Few schools can foster a sense of community in this way Scattergood Friends School Has since 1890. Today it continues to teach the principles of Quakerism – simplicity, peace, integrity, community, equality, and responsibility – to contribute to the intellectual, physical, and spiritual development of its learners. Here you are free to be yourself as you discover who you want to be.
Just ask 12NS Grader Cecilia Clark. The transition from online learning due to COVID-19 to on-campus learning was initially challenging for the 17-year-old, but with Scattergood’s welcoming environment, adapting to school became a seamless process.
âI’ve started to make friends and finally understand the ins and outs of this great school,â she says. “Understanding why and how school integrates Quakerism into everyday life has helped me calm my fears and ease my anxiety.”
Located in rural West Branch, Iowa, Scattergood provides the perfect setting for students to discover themselves. It’s a bold place, an all-gender, all-inclusive, quaint school with small college prep classrooms for in-depth conversations. Core classes include English, social studies, math, and foreign languages. Each is progressive and experiential in its own unique way.
Stroll around its healthy campus and you will witness the school’s strong connection to nature, which offers students an ideal setting for self-discovery. Likewise, Clark’s enthusiasm for ways to interact with nature is palpable. This nature lover town girl thanks the Flower Power class – located at Scattergood Farm just a 20 minute walk from campus – for opening their eyes to the natural wonders of the world.
âIt’s very different from anything I’ve seen in any of my other schools,â she says. “Thanks to the Scattergood Farm, my colleagues and I can interact with nature as a lesson.”
Students can choose how much or how little time they spend enjoying this outdoor interaction. Regardless, Scattergood Farm ââ offers over 140 varieties of certified organic fruits and vegetables and breeds around 200 animals annually ââ is open to everyone.
Some students are content to devote only a few days a year to environmental education. Others prefer to be fully immersed in farm life by getting involved in original scientific research projects, enrolling in advanced Farm Project classes, or volunteering whenever their schedule allows. Scattergood’s interdisciplinary Farm Term is a three week program that starts any academic calendar on a high level.
âDuring the Farm Term, each student only has one hour in the morning. Students can choose which class to take, âexplains Dana Foster, science, health and agriculture teacher. “The interdisciplinary aspect of this course allows students to learn a variety of topics while focusing their learning on the farm.”
Pastoral poetry is one of Foster’s favorite sessions. It takes place in the school’s apple orchard overlooking a pasture. While breathing fresh air and taking mental snapshots of picturesque landscapes, students read classic pastoral poetry before learning to write their own stanzas. The course is a prime example of how Farm Term promotes not only practical farming skills, but also those related to the humanities, natural sciences and social studies.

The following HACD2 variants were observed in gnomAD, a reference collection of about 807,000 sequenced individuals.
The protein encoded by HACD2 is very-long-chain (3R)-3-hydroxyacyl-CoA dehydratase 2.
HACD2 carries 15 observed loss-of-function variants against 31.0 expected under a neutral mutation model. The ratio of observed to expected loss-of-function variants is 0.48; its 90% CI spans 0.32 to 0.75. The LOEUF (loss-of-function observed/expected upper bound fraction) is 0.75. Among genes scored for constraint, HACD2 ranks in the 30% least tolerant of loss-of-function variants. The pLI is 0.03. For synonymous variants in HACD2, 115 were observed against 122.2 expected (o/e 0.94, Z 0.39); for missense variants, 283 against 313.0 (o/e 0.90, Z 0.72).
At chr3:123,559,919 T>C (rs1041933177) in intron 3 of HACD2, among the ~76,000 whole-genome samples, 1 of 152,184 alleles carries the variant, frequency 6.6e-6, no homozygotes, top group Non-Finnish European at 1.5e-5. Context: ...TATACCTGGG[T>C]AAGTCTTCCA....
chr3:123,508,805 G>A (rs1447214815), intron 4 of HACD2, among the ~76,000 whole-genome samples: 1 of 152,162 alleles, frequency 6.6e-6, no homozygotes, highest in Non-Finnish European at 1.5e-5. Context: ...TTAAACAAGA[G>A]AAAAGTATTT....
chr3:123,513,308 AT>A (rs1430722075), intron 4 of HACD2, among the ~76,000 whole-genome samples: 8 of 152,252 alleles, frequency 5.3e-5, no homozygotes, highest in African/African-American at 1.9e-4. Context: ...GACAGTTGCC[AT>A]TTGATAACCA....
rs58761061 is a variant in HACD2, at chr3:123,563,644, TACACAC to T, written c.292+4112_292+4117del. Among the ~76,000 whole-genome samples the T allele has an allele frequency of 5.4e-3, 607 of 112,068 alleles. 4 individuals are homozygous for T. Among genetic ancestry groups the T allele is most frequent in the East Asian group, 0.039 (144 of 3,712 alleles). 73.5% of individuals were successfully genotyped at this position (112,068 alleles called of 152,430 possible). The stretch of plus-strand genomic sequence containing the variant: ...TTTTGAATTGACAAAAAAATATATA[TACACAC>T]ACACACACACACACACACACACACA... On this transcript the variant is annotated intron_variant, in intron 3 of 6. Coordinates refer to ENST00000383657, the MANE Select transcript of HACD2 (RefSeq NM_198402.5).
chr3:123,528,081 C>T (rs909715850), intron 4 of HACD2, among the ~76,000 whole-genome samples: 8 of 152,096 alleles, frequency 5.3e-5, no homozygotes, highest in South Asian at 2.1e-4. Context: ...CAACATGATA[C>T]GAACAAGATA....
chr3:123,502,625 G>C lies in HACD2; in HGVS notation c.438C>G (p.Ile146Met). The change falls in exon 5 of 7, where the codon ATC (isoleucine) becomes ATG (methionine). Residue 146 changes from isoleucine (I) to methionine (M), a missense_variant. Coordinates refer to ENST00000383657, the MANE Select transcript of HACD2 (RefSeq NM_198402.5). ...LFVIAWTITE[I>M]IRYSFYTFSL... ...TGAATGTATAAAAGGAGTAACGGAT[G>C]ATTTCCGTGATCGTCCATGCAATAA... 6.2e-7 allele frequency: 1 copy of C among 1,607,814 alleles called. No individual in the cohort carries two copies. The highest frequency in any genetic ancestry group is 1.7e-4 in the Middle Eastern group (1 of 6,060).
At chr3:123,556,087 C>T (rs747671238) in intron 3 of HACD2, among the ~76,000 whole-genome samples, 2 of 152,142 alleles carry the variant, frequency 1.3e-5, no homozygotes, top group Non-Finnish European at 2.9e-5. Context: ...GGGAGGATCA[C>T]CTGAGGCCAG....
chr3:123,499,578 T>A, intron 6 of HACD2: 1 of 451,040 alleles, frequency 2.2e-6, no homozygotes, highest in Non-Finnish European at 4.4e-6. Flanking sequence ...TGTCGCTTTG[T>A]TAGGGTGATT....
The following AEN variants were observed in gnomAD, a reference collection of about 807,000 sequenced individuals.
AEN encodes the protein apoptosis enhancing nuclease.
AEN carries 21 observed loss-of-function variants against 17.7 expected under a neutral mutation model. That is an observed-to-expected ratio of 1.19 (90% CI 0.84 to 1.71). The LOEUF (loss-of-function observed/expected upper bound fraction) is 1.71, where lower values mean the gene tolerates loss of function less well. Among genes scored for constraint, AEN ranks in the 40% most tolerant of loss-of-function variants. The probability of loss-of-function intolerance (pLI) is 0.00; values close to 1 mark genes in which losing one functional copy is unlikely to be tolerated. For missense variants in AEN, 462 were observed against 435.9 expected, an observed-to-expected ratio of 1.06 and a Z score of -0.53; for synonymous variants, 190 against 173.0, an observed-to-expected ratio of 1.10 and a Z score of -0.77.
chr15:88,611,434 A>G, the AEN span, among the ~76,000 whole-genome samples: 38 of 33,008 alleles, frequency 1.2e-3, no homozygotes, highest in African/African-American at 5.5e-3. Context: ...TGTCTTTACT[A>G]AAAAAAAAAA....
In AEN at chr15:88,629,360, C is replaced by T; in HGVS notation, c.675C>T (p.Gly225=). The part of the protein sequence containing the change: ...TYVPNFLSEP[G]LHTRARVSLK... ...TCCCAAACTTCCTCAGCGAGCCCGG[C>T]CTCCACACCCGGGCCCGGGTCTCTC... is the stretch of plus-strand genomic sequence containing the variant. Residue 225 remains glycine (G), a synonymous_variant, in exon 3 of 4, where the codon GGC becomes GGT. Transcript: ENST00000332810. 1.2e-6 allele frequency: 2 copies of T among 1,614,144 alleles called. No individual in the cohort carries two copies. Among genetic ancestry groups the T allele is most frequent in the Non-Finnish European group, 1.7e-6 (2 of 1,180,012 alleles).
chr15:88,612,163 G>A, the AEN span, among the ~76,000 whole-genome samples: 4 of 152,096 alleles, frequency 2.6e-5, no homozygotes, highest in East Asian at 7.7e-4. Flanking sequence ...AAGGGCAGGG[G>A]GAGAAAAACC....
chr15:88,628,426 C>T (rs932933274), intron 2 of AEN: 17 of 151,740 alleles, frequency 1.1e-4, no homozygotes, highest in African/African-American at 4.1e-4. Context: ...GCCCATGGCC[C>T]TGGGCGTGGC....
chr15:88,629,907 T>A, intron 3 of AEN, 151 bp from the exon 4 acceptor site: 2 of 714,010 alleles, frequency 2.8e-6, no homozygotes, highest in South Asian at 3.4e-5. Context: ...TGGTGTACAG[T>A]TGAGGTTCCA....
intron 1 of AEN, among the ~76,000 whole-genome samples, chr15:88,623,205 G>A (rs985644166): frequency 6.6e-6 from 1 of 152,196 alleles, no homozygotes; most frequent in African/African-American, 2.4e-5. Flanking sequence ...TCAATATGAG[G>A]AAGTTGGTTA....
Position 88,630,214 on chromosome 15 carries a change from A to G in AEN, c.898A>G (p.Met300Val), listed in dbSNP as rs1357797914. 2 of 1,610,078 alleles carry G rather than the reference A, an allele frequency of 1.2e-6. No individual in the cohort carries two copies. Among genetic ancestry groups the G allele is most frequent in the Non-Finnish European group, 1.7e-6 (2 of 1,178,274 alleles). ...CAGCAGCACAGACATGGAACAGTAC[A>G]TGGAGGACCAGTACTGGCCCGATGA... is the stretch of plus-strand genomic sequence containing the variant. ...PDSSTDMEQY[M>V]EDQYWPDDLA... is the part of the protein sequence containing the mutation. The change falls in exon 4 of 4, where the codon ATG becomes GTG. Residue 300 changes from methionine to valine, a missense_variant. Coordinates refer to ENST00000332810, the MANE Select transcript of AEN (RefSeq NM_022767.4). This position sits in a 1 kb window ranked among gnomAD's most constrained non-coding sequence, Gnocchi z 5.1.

The rest of Scattergood’s living laboratories to further complement an already solid learning experience. Scattergood Prairie extends over 26 acres and serves as a classroom during science classes and as a studio during art classes. As students assist the school’s faculty in the annual prairie burn to maintain the vitality of the grass, they learn the art of prairie management. Scattergood Pond and its small sandy beach are where to swim, find samples and specimens for biology classes, organize campfires and broom hockey games, or fish for catfish.
The May deadline classes are just as invigorating. âSome students go on three-week trips – into the wilderness, the United States, or Latin America – while other students stay on campus. The latter choose one specialty course that runs all morning and another in the afternoon, âexplains Foster.
Scattergoodians don’t have to wait until May to pack their bags. Excursions off campus are standard here and range from cross-country skiing in Camp du Nord to backpacking or kayaking in the Ozarks, hiking on the Appalachian Trail or Spanish trips to Costa Rica, Mexico, Bolivia or Honduras.
Service destinations included Su Casa (a shelter for displaced Latino families) on the south side of Chicago and Tillers International in Michigan (an organization focused on the international development of rural draft animal agriculture).
To graduate, students must do 30 hours of community service per year and be admitted to a four-year college or university. However, with Scattergood’s experience, impressing university admissions officers isn’t too much of a challenge.
âAll of our students have the opportunity to make a difference in the community,â says Foster. âWe have regular meetings where the students organize, hold and lead the necessary discussions. This gives them the opportunity to participate in group decisions and know that they are valued members of that community. “